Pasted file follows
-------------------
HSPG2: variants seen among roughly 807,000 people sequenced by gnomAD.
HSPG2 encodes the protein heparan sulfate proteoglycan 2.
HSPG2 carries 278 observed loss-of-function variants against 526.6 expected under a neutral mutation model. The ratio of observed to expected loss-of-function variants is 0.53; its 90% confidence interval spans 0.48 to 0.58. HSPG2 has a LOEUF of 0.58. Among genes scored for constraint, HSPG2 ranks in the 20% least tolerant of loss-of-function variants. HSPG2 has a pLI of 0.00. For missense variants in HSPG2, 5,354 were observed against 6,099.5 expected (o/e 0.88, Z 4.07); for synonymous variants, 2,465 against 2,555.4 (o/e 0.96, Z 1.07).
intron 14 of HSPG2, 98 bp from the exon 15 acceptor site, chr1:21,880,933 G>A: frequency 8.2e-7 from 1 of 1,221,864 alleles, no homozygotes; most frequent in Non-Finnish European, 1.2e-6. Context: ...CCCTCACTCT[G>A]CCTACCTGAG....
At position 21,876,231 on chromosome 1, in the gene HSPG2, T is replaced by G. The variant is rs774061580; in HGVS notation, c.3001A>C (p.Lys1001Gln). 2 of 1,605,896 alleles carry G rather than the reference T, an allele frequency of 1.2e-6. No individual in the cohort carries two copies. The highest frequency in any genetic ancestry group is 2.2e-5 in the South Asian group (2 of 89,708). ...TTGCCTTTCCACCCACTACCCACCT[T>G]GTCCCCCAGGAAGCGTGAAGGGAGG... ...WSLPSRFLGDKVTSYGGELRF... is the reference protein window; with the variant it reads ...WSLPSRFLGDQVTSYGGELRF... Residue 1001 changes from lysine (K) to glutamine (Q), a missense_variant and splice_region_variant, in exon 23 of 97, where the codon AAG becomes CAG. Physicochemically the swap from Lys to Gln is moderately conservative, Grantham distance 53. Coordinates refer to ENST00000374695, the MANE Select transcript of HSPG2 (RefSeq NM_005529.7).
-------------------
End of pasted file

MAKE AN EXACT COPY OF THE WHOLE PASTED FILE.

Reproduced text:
HSPG2: variants seen among roughly 807,000 people sequenced by gnomAD.
HSPG2 encodes the protein heparan sulfate proteoglycan 2.
HSPG2 carries 278 observed loss-of-function variants against 526.6 expected under a neutral mutation model. The ratio of observed to expected loss-of-function variants is 0.53; its 90% confidence interval spans 0.48 to 0.58. HSPG2 has a LOEUF of 0.58. Among genes scored for constraint, HSPG2 ranks in the 20% least tolerant of loss-of-function variants. HSPG2 has a pLI of 0.00. For missense variants in HSPG2, 5,354 were observed against 6,099.5 expected (o/e 0.88, Z 4.07); for synonymous variants, 2,465 against 2,555.4 (o/e 0.96, Z 1.07).
intron 14 of HSPG2, 98 bp from the exon 15 acceptor site, chr1:21,880,933 G>A: frequency 8.2e-7 from 1 of 1,221,864 alleles, no homozygotes; most frequent in Non-Finnish European, 1.2e-6. Context: ...CCCTCACTCT[G>A]CCTACCTGAG....
At position 21,876,231 on chromosome 1, in the gene HSPG2, T is replaced by G. The variant is rs774061580; in HGVS notation, c.3001A>C (p.Lys1001Gln). 2 of 1,605,896 alleles carry G rather than the reference T, an allele frequency of 1.2e-6. No individual in the cohort carries two copies. The highest frequency in any genetic ancestry group is 2.2e-5 in the South Asian group (2 of 89,708). ...TTGCCTTTCCACCCACTACCCACCT[T>G]GTCCCCCAGGAAGCGTGAAGGGAGG... ...WSLPSRFLGDKVTSYGGELRF... is the reference protein window; with the variant it reads ...WSLPSRFLGDQVTSYGGELRF... Residue 1001 changes from lysine (K) to glutamine (Q), a missense_variant and splice_region_variant, in exon 23 of 97, where the codon AAG becomes CAG. Physicochemically the swap from Lys to Gln is moderately conservative, Grantham distance 53. Coordinates refer to ENST00000374695, the MANE Select transcript of HSPG2 (RefSeq NM_005529.7).